Like a belligerent bachelor setting another date, Glenn Straub announced recently that his resort — TEN AC — would open June 15. What’s interesting about the most current pronouncement is that Straub said the exact same thing early in 2016. The resort did not open on June 15, 2016.
A report from the Press of Atlantic City seems to indicate the same thing is supposed to happen this year, noting that the news was a surprise for the city’s head of licensing and inspection.
Will TEN AC get the permits?
The issue with Straub’s June 15 prediction is the same one that has plagued the developer since he purchased the former Revel property out of bankruptcy in 2014: permits.
At various times he’s delayed opening because he wasn’t able to secure permits related to plumbing, fire alarms and more.
Here’s what the Press of AC said about this current June 15 deadline:
“Before Straub can open the property he has to meet several Casino Reinvestment Development Authority conditions, including providing a landscaping plan and traffic study. CRDA officials said Straub has yet to meet the conditions.”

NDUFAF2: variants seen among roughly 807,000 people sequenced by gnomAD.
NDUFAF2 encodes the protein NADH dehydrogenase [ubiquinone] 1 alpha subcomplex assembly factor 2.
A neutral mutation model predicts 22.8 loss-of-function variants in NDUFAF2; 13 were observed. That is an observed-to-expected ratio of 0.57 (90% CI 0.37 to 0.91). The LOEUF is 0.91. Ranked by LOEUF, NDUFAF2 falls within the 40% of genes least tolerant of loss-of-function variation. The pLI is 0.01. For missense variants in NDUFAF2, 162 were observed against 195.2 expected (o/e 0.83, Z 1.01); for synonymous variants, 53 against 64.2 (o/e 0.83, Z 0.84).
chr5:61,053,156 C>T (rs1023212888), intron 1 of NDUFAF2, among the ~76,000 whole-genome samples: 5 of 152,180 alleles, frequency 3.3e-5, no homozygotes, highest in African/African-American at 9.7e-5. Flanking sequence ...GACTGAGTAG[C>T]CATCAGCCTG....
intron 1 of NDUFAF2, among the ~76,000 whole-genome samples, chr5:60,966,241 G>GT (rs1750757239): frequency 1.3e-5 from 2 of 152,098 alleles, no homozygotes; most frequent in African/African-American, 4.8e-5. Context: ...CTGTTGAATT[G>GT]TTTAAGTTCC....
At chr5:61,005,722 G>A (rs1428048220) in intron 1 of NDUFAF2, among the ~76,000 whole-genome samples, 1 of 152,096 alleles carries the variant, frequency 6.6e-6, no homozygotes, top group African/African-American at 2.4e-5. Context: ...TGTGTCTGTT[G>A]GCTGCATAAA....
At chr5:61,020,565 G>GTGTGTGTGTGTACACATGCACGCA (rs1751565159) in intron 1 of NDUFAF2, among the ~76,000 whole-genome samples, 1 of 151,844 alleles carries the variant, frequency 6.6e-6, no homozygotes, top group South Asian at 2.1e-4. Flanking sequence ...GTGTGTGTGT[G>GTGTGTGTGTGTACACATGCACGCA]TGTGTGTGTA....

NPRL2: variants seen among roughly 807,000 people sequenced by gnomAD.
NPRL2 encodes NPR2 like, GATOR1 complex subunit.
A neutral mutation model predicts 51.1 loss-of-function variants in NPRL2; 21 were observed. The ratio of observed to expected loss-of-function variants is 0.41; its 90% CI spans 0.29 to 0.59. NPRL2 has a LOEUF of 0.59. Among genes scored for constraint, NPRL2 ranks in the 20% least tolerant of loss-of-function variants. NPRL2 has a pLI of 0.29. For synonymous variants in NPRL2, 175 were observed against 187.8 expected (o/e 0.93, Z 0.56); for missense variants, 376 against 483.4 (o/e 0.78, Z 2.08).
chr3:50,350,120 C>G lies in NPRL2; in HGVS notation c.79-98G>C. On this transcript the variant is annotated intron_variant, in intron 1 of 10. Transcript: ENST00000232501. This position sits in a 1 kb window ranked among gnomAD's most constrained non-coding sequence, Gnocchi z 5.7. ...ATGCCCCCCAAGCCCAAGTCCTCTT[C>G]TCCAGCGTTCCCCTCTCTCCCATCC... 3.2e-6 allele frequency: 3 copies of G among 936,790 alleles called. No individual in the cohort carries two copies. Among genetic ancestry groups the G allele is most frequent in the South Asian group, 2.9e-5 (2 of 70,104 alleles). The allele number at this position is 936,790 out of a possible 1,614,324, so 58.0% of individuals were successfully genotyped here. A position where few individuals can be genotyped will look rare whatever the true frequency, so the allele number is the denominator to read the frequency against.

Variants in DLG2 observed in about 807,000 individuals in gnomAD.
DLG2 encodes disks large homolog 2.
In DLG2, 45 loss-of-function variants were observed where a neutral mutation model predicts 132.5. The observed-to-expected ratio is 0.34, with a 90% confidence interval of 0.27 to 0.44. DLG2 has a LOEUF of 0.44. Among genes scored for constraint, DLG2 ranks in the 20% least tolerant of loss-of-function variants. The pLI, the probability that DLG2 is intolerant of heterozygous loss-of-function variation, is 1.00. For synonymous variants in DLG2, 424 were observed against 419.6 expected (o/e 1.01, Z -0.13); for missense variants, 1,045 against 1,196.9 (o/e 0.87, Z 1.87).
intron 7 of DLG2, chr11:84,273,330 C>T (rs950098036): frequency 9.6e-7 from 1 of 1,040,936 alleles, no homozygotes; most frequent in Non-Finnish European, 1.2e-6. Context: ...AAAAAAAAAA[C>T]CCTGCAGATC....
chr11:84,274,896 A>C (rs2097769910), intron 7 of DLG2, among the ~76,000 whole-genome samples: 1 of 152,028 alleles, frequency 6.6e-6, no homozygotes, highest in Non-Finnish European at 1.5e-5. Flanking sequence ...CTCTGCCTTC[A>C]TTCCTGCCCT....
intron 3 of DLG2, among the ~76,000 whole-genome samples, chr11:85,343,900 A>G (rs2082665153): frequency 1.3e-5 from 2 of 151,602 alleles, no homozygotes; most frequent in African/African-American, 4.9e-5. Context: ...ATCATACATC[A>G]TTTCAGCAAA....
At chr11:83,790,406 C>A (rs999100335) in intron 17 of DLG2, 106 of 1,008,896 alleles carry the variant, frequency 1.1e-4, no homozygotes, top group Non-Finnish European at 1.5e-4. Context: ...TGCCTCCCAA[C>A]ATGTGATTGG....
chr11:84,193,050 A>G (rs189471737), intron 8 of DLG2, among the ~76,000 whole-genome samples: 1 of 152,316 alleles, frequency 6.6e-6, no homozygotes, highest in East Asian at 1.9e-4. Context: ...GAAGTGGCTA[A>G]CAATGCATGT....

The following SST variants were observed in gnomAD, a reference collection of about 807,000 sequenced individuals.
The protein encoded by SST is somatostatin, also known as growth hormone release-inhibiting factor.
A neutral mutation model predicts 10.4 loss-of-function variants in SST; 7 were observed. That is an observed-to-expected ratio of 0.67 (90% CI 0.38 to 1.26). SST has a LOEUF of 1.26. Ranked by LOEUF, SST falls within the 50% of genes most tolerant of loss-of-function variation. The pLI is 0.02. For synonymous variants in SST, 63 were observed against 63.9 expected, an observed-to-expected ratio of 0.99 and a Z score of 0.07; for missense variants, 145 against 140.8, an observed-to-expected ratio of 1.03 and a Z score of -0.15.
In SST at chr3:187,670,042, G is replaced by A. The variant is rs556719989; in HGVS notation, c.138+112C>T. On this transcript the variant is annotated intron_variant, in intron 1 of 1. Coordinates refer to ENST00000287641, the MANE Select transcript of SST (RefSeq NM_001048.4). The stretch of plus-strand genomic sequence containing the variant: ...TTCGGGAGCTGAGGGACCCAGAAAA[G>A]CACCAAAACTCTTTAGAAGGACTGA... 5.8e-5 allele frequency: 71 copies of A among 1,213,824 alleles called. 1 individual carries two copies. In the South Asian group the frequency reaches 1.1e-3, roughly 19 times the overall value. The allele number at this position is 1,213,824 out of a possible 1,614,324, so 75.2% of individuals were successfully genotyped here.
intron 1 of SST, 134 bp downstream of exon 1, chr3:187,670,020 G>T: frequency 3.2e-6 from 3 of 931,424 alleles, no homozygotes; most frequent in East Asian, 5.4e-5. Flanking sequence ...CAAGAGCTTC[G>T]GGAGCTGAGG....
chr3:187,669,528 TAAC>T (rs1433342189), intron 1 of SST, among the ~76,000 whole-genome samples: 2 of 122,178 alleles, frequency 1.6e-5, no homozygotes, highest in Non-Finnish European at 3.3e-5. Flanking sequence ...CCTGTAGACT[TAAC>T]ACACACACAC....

While we can’t say Straub will fail in opening the hotel in time, it does not bode well that Dale Finch, Atlantic City’s director of licensing and inspection, told the paper his department will reach out to Straub and “work with him the best that we can.”
Straub doesn’t play nice with the city
Smooth talk and savvy have not been Straub’s strong suit.
During the past two years, Straub has made his opinion of the city and state’s procedures very public, calling them out on various occasions for being a politically motivated juggernaut that refuses to make property openings easy.
His beef with city and state authorities has escalated many times. The latest example had him saying public servants “rape” developers.[i15-table tableid=4306]
Battle for casino license continues
As it stands now, TEN will open as a resort on June 15 with no casino. Why? Straub refuses to comply with the regulators’ requests that he obtain a casino operating permit.
Straub’s contention is that he’s merely a landlord and that the third party he’s hired to run casino operations should be the group responsible for obtaining a casino permit.
A hearing with the Casino Control Commission in January didn’t go Straub’s way. The CCC ruled he is the party responsible for obtaining the license.
Ever the contrarian, Straub refused to accept the verdict. His ongoing antics caused Gov. Chris Christie to say earlier this week that Straub should open the property or sell it and move on.
Meanwhile, you can try out a free-to-play social casino under TEN’s banner.
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